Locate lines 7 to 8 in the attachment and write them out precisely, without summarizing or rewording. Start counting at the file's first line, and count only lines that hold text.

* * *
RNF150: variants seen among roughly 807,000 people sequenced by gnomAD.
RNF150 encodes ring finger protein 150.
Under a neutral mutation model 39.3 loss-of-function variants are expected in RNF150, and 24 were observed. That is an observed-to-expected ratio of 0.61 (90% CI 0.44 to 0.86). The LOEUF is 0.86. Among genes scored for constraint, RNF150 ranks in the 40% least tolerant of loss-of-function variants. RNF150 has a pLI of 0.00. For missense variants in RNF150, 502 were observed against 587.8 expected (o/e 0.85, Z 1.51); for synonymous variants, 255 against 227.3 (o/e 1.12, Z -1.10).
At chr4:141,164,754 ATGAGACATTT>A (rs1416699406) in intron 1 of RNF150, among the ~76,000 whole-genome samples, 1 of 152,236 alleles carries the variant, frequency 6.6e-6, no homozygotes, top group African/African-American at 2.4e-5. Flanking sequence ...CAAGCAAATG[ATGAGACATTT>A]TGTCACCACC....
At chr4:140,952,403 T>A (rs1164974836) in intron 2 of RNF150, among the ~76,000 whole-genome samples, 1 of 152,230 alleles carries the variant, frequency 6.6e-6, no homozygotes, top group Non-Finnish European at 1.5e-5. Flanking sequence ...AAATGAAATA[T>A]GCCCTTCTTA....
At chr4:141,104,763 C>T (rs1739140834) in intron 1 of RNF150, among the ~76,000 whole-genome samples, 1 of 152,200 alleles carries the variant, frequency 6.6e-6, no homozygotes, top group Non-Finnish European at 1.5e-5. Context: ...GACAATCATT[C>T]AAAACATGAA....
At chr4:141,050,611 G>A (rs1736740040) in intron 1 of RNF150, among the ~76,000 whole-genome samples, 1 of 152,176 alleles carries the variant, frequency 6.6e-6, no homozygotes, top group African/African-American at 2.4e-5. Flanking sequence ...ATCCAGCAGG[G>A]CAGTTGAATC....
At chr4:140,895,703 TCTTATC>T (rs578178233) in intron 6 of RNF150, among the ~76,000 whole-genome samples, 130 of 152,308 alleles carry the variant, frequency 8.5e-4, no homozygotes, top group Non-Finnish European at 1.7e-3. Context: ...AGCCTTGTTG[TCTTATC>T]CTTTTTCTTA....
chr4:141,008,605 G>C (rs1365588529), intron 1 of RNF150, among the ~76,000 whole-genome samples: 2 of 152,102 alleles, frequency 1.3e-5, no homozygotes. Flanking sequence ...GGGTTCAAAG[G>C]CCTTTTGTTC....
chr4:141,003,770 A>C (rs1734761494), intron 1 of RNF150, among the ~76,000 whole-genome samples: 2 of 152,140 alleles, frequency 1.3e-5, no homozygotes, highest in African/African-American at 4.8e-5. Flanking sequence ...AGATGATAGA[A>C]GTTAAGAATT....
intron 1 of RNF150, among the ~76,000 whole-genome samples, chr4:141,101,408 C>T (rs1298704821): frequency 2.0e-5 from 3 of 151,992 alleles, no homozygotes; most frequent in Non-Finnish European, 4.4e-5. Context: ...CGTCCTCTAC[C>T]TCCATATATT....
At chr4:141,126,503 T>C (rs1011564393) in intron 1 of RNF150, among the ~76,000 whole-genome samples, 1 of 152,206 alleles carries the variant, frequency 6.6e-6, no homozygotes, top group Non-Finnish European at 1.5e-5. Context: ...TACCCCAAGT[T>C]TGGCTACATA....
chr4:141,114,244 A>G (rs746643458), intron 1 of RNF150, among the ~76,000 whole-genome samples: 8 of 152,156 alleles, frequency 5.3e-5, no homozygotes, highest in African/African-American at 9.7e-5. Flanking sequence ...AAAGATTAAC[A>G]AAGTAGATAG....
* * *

At chr4:141,050,611 G>A (rs1736740040) in intron 1 of RNF150, among the ~76,000 whole-genome samples, 1 of 152,176 alleles carries the variant, frequency 6.6e-6, no homozygotes, top group African/African-American at 2.4e-5. Flanking sequence ...ATCCAGCAGG[G>A]CAGTTGAATC....
At chr4:140,895,703 TCTTATC>T (rs578178233) in intron 6 of RNF150, among the ~76,000 whole-genome samples, 130 of 152,308 alleles carry the variant, frequency 8.5e-4, no homozygotes, top group Non-Finnish European at 1.7e-3. Context: ...AGCCTTGTTG[TCTTATC>T]CTTTTTCTTA....